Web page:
To them it's a hiccup, a press statement larded with half truths and lies, but to Joe Sixpack it's a long term catastrophy from which he may never fully recover.
I was talking with a retired three star general this Thanksgiving who was in the defense business for years after he retired. Unsolicited he said that business' are run for the top two rungs on the ladder..the CFO's,CEO's and the Senior VP's..the rest can go hang. I was shocked by his candor but not by his observation.
I get your drift--just don't know how much good it does us to lament human nature and the principle of power.
Folks, somewhere around ten trillion in market cap evaporated after the dotcom bubble burst. And, the markets survived. I suspect the mortgage crisis is a blip on the radar in comparison. The subprime market is small percentage of total loans and somewhere around 85% of subprime borrowers are paying their bills. As well, I'm sure lenders factored in higher loss rates with subprime borrowers and they covered their bets with higher rates and fees. The real estate market had to take a breather. The breather will last for years I'm sure but the sky is definitely not falling. In fact, if it were not for the 24 hour talking heads spreading fear and hysteria, most people would not take much notice of all this. Yes, if you are in the 2 or 3 percentile who lose your homes its a crisis. The rest of us don't have a lot to worry about.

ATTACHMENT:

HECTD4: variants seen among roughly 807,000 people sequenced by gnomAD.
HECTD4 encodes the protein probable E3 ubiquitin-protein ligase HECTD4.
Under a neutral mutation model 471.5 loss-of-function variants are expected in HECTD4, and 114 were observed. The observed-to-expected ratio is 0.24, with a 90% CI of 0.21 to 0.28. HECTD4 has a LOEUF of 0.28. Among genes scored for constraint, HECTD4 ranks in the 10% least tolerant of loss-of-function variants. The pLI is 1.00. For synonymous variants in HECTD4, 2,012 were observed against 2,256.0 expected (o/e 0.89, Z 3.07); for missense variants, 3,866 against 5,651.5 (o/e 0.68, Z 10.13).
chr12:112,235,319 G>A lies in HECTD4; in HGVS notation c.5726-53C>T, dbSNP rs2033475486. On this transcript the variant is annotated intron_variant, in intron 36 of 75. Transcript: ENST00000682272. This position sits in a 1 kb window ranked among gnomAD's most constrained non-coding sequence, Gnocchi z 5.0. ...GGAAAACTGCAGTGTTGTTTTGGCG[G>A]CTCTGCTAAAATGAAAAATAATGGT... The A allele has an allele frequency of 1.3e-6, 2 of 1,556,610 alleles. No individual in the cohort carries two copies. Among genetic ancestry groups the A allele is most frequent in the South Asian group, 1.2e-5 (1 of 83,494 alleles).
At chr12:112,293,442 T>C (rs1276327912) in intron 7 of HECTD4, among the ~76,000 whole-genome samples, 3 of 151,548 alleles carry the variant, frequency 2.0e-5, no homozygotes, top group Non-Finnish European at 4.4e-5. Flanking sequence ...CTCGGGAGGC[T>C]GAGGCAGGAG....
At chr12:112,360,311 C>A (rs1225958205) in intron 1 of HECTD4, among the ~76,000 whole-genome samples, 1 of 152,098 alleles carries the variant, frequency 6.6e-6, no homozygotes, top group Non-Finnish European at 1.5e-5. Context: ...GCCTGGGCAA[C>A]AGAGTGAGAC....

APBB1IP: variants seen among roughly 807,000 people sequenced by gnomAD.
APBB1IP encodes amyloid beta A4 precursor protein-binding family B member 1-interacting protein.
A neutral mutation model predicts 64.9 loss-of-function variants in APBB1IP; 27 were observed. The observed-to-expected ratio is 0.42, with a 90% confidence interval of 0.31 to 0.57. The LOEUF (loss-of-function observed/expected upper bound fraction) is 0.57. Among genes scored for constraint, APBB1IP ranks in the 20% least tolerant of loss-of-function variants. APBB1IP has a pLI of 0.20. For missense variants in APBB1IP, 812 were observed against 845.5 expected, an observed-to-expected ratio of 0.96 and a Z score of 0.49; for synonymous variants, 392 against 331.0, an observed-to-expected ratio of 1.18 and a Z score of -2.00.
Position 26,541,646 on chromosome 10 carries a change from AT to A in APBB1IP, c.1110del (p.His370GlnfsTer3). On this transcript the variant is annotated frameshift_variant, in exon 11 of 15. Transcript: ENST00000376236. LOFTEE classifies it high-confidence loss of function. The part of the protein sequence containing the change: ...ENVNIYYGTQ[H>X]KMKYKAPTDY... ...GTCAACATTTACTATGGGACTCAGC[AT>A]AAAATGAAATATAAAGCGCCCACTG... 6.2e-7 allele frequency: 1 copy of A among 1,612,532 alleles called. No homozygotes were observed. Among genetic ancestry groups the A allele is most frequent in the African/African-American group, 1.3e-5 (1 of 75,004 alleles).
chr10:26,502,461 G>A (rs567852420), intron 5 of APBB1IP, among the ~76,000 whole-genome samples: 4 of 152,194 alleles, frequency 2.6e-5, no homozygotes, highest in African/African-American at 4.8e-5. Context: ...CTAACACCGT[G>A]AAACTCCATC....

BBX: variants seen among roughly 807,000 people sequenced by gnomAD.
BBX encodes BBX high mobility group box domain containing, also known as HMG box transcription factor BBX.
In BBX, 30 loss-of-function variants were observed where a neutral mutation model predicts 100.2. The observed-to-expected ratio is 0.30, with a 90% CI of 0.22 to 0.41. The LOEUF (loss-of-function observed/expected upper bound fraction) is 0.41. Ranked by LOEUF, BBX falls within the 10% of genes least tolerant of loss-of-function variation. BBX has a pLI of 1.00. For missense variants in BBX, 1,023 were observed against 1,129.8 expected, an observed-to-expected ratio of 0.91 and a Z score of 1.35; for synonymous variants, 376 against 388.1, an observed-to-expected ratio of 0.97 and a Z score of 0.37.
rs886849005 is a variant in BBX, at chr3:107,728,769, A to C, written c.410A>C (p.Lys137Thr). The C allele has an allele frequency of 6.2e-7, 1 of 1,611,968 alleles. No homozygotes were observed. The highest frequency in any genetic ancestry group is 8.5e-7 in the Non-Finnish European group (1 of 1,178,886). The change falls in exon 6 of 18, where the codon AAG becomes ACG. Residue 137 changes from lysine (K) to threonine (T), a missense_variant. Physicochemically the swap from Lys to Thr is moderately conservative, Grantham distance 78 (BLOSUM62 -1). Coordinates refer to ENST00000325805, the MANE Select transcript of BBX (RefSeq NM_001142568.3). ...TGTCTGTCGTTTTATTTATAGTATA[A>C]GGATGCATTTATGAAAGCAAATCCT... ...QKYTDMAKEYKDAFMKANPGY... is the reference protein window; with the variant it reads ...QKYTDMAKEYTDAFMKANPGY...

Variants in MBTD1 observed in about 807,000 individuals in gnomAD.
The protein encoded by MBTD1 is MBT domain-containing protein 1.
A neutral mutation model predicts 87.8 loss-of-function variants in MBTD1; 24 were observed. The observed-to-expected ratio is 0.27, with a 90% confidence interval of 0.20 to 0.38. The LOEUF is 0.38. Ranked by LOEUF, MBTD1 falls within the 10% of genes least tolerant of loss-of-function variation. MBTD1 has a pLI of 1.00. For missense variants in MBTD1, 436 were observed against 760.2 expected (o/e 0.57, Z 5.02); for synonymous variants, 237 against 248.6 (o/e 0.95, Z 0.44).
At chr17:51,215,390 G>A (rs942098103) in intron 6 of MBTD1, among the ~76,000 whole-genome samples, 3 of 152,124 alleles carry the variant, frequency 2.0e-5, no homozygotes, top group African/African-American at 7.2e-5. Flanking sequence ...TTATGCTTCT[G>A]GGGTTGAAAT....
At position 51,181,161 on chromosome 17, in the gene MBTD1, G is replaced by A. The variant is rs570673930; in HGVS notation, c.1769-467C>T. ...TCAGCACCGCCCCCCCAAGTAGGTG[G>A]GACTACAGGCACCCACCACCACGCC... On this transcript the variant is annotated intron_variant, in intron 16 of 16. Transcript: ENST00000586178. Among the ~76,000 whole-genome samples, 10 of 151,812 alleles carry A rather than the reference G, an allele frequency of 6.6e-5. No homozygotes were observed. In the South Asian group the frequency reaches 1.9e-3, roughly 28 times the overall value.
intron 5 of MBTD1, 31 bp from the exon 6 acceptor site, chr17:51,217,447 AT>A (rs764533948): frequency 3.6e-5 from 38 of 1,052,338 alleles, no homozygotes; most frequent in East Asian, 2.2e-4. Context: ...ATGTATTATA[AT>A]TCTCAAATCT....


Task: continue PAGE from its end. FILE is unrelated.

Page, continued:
Re: Classical Values
Classical Oakland day to day hasn't changed a mite since wonderful hallicon 60's.
The trouble with Oakland is that when you get there, there isn't any there there.
Oakland is a great place.
Probably all the better for Missy Gertrude's discouraging prudes and yanks.
Oakland is a great place......
Compared to Detroit, Dearborn, or New Orleans it's practically heaven.
Oakland--Altamount, where the Stones mercifully killed Woodstock.
Altamont isn't in Oakland, which is a beautiful city.
Me thinks, a mull is a called for on that one.
this is whut i meant--
Anyone who hires Red n Black to police a drug festival are out of their minds.